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Editor’s note: This story has been updated.
The Texas Cavaliers Foundation isn’t waiting until November’s Fiesta to fulfill its charitable mission, instead distributing funding to 69 nonprofits in San Antonio immediately.
The Cavaliers are one of several San Antonio charitable organizations, including the San Antonio Area Foundation, redirecting their focus to COVID-19 response amid a disruption in events that produce crucial revenue for nonprofits around town. The Valero Texas Open was canceled along with many other sporting events, while the Big Give was postponed until the fall. Smaller charity galas – such as Down Syndrome Association of South Texas’ Collective Palette event – also have been postponed or canceled.
The Cavaliers said more than $1.5 million in grants will be sent out this week to charities providing meals, shelter, education, healing, and clothing for San Antonio children. The grant-making foundation distributes funds to area nonprofits each year around the time of Fiesta, but due to the spread of COVID-19 – and the postponement of Fiesta – decided to make resources available to beneficiaries immediately. Many of those organizations had to cancel fundraising events with no other income-generating plans, according to a news release from the Cavaliers.
“Our Board of Trustees absolutely adopted this plan with unanimous consent,” said Cavaliers Foundation president Vincent Dawson in a statement Tuesday.
The Valero Texas Open raised nearly $40 million in the past four years for various South Texas nonprofits, including the Ecumenical Center, the San Antonio Clubhouse, and Any Baby Can San Antonio.
The PGA Tour stop and its associated fundraising campaign raised more than $6 million in 2019. That funding went to organizations such as the San Antonio Lighthouse for the Blind, which provides rehabilitation services and employment opportunities for people who are blind and visually impaired.
Though the tournament itself was canceled, Valero’s Champions Fore Charity fundraising program for nonprofits will continue, said Hugo Hernández, CEO of Any Baby Can. Each nonprofit submits payments to Valero’s fundraising arm and the company then gives an additional 7 percent back to the nonprofits, up to $10,000 in additional funding. Nonprofits are still collecting donations, and have until April 17 to inform Valero of their committed donation amounts.
Any Baby Can typically gets about $5,000 back from Valero each year, Hernández said.
“It all depends on how much we’re able to raise and how much we’re able to get back,” he said. “And fundraising is impacted now because a lot of the donations typically coming to nonprofits are now going to the [San Antonio] Food Bank, other places that are handling the emergency. We understand it, but it still impacts all of us.”
Hernández said he was grateful to Valero Texas Open and Texas Cavaliers for still committing to donating to various nonprofits. Any Baby Can usually receives somewhere between $5,000 to $8,000 a year from the Cavaliers, he said.
Valero Texas Open will still work with past tournament champions to highlight different nonprofits still raising money through Champions Fore Charity, said Stephanie Sage, director of marketing and community relations.
“We want to try and draw attention to these organizations and help tell their stories, because at the end of the day, they’re the ones that need help,” she said.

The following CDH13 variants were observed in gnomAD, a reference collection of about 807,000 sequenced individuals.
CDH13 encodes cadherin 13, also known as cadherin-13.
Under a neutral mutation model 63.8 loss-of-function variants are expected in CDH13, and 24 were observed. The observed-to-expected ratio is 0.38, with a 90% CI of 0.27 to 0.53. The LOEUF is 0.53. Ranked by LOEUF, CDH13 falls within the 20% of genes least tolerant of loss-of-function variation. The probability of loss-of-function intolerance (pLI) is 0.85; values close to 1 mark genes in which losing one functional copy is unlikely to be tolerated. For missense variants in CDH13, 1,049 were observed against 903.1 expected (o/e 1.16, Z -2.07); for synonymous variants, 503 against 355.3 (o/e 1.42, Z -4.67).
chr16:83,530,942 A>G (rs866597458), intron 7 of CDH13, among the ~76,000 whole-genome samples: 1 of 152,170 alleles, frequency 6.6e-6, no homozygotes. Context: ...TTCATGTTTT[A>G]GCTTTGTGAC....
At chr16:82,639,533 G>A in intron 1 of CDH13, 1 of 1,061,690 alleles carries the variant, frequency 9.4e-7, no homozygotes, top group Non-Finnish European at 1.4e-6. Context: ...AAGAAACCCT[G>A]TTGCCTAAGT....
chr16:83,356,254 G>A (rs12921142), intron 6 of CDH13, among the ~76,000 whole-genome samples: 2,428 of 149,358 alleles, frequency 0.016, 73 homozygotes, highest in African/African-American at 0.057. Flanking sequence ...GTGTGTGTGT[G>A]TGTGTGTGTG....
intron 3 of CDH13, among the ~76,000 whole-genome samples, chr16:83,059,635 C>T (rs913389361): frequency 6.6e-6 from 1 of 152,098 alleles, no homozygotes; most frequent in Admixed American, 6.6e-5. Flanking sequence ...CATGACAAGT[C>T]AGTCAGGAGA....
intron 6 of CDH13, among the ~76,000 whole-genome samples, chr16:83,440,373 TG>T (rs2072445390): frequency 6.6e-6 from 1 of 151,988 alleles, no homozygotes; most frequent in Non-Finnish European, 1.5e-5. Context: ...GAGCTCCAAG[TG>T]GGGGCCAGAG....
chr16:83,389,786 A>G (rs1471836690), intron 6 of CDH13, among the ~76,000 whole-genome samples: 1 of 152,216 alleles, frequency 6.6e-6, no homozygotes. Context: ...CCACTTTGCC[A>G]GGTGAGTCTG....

Champions Fore Charity has raised $6 million since last October, and hopes to reach its goal of $7 million before the fundraising campaign ends in April.
Meanwhile, the San Antonio Area Foundation is working on a new philanthropic focus in light of COVID-19, according to spokeswoman Rebecca Helterbrand. The foundation makes grants each year to charitable organizations and awarded more than $10 million in grants to nonprofits in 2019. The Kronkosky Charitable Foundation, which also gives out grants each year and gave $2.38 million in 2019, noted that the new coronavirus is changing business models.
“Our conversations have been and continue to be fluid, as we assess how we can be flexible in providing assistance to nonprofits to mitigate the impact to the communities they serve,” a news release from the Kronkosky foundation stated Monday.
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The Big Give, which started in 2014, usually gathers hundreds of nonprofits and their calls for donations on one website for one day of citywide charitable giving. But this year, the large fundraising drive originally scheduled for March 26 will take place in September, and the Big Give will instead become an emergency relief fundraising hub, although details have yet to be finalized.
Nearly 500 nonprofits signed up to participate in the Big Give. All of those nonprofits will still be on the website and able to fundraise on the new emergency relief website.
“We’re looking to pivot the Big Give website toward a more community-based relief site for nonprofits, those Big Give nonprofits,” Nonprofit Council CEO Scott McAninch said. “We’re still talking about how it would look if someone else wants to join in, but that’s all to follow.”
In 2019, 545 nonprofits raised an overall $4.7 million through the Big Give. The Nonprofit Council coordinates the Big Give each year and has helped nonprofits raise more than $25 million since 2014.
“It’s a hugely important day for a lot of nonprofits who rely on it,” McAninch said. “We just want to assure them we’re not canceling it; we’re moving it.”
The City of San Antonio and the Nonprofit Council will have more information about the revamped Big Give website later this week. The new website is scheduled to launch Thursday, though McAninch stressed that the timeline is fluid.
“We will keep everyone informed as we unroll and unveil things and make decisions,” he said. “This is unprecedented, but our primary focus is to get it done.”